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Photo of the Derwent River taken through a house block on the western edge of the town of New Norfolk.

The damage is done and to repeal laws and ‘take away’ land from owners would be political suicide, and cries of unfairness and for expensive compensation would abound. I can imagine the legislation arose partly from consideration of the practicality as to who or which organisation would maintain the thousands of kilometres of river edges across Tasmania and keep them clear from bracken, blackberry brambles and exotic weeds.

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Can you spot the River through these profusely growing weeds?

While walking for leisure purposes has a history in Tasmania since the beginning of European settlement, our early legislators did not have a crystal ball to see that the 21st century is one in which many people want a healthy lifestyle that involves exploring and accessing our natural environment without barriers.

Unfortunately, a damaging minority of people are greedy, thoughtless, and cannot be trusted to meet their promises.  The consequence is what I found during Stage 15 and what I can foresee for Stage 16.  I soon realised that almost no free/public access to the River exists between New Norfolk and Gretna, and it seems this will also be true for any future inland push along the River.

After leaving New Norfolk on the westward proceeding Glenora Road on the southern/western side of the Derwent River, I soon registered paddocks and more paddocks had been recently re-fenced with fresh spiky barbed-wire.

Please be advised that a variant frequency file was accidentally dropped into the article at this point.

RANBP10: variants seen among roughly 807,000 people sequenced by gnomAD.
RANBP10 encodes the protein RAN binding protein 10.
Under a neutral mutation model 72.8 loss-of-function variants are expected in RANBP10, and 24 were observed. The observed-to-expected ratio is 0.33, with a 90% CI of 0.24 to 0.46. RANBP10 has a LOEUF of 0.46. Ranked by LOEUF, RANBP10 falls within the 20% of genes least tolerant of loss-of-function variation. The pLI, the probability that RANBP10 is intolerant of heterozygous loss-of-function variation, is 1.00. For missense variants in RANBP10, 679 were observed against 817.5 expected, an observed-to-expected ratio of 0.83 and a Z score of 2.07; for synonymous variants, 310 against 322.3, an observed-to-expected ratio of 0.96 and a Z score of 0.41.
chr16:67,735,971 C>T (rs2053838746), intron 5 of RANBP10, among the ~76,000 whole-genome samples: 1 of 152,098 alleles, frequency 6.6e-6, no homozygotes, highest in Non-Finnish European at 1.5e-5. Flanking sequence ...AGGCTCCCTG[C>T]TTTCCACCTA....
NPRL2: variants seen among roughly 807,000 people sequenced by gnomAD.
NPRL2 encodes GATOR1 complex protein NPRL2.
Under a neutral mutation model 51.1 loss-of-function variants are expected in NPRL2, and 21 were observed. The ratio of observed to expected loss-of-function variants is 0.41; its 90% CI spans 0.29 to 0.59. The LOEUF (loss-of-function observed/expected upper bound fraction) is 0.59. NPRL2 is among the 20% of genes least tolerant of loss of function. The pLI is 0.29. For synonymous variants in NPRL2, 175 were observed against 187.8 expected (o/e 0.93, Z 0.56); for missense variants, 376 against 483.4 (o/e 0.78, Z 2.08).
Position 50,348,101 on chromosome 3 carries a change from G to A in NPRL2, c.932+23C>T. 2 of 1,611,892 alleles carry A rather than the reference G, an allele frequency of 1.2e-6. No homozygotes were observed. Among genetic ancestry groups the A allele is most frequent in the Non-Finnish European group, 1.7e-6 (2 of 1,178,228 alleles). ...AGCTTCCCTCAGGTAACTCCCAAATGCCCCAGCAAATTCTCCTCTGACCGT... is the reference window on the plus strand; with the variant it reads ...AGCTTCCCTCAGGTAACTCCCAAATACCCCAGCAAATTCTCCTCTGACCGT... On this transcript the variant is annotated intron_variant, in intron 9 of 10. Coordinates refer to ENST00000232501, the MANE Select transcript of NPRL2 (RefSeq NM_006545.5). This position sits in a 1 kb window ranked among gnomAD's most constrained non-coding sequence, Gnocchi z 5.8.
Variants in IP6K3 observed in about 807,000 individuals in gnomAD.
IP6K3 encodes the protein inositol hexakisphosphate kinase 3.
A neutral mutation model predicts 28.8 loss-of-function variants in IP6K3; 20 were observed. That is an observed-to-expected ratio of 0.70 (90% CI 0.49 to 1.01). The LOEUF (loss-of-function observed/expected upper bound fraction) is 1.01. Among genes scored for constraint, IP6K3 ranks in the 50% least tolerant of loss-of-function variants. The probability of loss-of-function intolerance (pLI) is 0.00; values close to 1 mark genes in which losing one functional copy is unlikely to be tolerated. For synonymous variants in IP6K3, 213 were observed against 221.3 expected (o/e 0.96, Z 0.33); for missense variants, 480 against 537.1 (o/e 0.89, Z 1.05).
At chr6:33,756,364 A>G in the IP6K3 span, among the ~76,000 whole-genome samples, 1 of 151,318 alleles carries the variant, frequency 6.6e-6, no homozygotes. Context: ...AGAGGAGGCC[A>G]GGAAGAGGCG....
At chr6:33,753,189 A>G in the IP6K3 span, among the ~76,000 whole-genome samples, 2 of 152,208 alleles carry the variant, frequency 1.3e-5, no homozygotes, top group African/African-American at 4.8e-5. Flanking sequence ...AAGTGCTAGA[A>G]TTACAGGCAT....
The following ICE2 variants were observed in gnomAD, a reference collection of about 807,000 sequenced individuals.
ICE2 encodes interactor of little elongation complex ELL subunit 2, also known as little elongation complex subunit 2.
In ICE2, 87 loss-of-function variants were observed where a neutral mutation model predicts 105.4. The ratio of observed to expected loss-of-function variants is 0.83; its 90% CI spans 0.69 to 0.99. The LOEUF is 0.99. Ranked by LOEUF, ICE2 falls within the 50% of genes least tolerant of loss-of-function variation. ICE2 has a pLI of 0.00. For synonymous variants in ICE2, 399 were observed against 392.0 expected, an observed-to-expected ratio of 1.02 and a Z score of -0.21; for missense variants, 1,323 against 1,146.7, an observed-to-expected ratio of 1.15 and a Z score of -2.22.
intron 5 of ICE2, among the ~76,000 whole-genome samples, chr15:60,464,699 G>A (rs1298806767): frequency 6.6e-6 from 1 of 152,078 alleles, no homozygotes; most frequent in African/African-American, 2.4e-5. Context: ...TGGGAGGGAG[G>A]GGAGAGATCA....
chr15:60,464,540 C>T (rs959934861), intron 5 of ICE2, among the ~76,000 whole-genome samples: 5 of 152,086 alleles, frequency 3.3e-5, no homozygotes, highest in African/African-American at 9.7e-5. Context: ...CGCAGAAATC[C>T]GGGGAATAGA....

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Note second fence line inside and parallel to the barbed wire fence line.

This year, the Australian Federal Government budget made a concession for small business owners and granted an immediate full tax deduction for expenses up to $20,000.  My conclusion was that farmers in the Derwent Valley grabbed this opportunity and used it to protect the limits of their properties.

As a child my father showed me how to pass through barbed wire fences. The process is best with two people but one can do it. You put your shoed foot on a lower strand of wire to hold it down, then pull the next one up and slip through the enlarged space hoping not to be spiked by the barbs.  But today’s farmers in the Derwent Valley know this trick. Since they don’t want people on their land, the wires are now extremely taut and the spacing between many lines of wire is only about 10-15cm.  If an adult expects to pass through the barbed wire fences of Derwent Valley farmers then Dad’s technique cannot work.

Barbed wire fences were not my only barrier to accessing the Derwent River.  Gates presented insurmountable challenges.  Almost all gates that I arrived at were padlocked. That hasn’t always stopped people accessing a property because the use of strong square wires or other metals in gate construction usually helps you with a footing to lift up and over the top.  Not so with many Derwent Valley farmers’ gates.  The new gates either are ringed in barbed wire or are wrought iron with high straight verticals which provide no place for feet.  For me these were unclimbable.

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Very occasionally I came across older fencing that had minimal or no barbed wire and seemed very climbable. But alas. These fences had an additional strand attached; an electrified line. Intended to keep the cattle in and from trampling fence lines, these electric fences were an absolute barrier for walkers like me.